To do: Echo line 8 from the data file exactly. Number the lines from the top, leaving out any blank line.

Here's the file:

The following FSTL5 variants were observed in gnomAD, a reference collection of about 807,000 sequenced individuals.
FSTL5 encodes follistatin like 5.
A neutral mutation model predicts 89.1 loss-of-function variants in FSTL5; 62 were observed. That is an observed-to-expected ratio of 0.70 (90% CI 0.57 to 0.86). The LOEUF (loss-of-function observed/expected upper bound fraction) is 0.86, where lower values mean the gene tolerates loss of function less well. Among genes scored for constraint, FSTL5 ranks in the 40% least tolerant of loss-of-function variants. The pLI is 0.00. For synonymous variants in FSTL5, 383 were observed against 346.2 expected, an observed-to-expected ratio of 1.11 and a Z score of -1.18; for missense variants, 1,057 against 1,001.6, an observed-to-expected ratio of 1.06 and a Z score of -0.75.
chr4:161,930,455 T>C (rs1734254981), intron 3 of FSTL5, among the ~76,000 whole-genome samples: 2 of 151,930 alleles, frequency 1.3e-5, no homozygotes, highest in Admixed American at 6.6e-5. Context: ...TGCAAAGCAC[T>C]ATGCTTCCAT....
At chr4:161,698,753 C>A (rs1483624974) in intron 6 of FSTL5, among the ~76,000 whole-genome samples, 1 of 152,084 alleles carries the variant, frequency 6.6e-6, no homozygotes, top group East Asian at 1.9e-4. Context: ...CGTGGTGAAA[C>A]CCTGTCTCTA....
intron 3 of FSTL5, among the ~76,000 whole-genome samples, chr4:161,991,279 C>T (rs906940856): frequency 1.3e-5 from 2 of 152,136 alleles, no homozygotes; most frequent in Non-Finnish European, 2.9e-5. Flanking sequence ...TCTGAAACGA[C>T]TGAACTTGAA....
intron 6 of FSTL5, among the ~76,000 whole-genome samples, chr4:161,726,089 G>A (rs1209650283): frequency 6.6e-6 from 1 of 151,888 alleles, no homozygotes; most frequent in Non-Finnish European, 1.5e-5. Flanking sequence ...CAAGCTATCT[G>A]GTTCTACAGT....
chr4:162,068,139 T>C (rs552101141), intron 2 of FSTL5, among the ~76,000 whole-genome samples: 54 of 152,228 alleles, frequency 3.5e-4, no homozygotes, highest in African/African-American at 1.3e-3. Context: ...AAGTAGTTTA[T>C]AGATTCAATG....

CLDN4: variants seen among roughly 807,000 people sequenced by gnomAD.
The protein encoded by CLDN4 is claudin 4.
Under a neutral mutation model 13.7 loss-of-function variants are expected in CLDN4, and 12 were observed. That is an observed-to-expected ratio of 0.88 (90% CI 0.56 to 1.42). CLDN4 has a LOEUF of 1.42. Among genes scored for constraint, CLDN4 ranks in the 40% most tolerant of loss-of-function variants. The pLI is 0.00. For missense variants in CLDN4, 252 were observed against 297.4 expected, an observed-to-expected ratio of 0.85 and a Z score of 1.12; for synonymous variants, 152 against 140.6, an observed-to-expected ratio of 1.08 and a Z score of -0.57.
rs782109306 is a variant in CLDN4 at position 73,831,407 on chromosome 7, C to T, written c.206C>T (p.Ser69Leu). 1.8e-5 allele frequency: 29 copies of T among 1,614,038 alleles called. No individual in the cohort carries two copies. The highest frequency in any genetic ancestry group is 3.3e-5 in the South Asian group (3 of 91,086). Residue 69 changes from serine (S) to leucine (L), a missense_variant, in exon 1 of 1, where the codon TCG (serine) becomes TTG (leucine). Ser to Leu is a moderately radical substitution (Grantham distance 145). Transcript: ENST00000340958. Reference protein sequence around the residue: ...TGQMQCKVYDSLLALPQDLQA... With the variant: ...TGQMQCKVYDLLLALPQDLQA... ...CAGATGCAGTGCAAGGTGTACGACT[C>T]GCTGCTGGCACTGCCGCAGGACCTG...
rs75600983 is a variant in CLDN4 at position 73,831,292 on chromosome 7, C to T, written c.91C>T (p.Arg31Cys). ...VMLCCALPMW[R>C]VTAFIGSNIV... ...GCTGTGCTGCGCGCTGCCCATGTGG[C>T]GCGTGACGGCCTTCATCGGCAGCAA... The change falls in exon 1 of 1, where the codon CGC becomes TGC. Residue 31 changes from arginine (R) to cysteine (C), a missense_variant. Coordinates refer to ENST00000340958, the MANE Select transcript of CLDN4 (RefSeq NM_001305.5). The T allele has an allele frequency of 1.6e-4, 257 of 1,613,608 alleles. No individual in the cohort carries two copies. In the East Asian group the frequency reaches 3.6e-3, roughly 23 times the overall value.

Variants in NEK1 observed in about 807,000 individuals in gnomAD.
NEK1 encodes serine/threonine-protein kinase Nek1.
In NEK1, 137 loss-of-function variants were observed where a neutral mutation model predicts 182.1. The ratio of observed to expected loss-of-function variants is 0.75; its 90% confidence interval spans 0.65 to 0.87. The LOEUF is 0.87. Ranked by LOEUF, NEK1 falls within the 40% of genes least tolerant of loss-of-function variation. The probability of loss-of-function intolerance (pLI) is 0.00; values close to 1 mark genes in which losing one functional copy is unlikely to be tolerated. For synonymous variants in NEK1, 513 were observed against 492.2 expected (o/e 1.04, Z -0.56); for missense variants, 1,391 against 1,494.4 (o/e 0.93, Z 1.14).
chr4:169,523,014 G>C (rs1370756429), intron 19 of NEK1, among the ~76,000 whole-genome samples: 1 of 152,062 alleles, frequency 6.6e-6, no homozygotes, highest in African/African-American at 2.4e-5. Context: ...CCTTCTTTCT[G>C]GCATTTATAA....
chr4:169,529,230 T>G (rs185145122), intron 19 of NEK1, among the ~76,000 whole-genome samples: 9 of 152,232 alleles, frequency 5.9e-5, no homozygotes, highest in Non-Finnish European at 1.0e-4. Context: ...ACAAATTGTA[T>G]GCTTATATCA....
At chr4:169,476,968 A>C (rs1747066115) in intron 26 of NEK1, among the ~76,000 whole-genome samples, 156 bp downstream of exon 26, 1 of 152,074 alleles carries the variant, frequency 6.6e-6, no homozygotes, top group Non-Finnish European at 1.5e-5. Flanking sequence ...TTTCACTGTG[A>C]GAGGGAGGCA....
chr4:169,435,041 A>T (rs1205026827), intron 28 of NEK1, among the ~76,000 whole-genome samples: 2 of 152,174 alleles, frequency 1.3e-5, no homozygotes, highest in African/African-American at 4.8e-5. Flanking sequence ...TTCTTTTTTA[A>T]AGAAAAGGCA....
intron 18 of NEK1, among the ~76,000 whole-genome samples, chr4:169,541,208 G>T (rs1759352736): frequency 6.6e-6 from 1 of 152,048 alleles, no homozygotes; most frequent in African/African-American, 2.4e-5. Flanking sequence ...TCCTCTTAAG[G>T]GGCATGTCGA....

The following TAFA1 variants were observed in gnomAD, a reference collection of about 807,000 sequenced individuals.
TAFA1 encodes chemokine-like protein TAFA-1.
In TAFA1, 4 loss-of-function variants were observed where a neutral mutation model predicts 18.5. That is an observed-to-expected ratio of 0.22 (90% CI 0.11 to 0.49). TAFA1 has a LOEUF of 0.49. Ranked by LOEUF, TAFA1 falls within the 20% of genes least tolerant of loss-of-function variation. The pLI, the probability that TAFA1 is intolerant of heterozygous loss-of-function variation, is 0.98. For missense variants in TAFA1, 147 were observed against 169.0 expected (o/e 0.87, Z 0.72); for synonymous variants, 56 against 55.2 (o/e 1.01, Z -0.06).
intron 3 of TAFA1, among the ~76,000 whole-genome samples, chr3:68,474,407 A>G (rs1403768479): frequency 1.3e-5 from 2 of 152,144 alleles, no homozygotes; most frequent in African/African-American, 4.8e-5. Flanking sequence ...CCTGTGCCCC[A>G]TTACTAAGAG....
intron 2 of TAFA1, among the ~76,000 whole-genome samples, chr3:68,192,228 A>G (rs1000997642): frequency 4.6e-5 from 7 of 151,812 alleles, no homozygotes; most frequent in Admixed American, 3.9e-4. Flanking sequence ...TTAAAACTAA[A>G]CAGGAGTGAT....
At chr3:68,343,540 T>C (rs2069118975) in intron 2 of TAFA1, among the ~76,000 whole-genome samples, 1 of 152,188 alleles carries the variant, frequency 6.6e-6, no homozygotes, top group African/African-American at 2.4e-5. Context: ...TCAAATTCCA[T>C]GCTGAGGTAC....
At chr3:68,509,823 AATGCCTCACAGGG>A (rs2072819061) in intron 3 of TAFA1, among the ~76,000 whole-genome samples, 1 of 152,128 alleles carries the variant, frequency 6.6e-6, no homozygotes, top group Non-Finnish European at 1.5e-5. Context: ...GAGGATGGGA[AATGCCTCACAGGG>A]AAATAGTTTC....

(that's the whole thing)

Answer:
chr4:162,068,139 T>C (rs552101141), intron 2 of FSTL5, among the ~76,000 whole-genome samples: 54 of 152,228 alleles, frequency 3.5e-4, no homozygotes, highest in African/African-American at 1.3e-3. Context: ...AAGTAGTTTA[T>C]AGATTCAATG....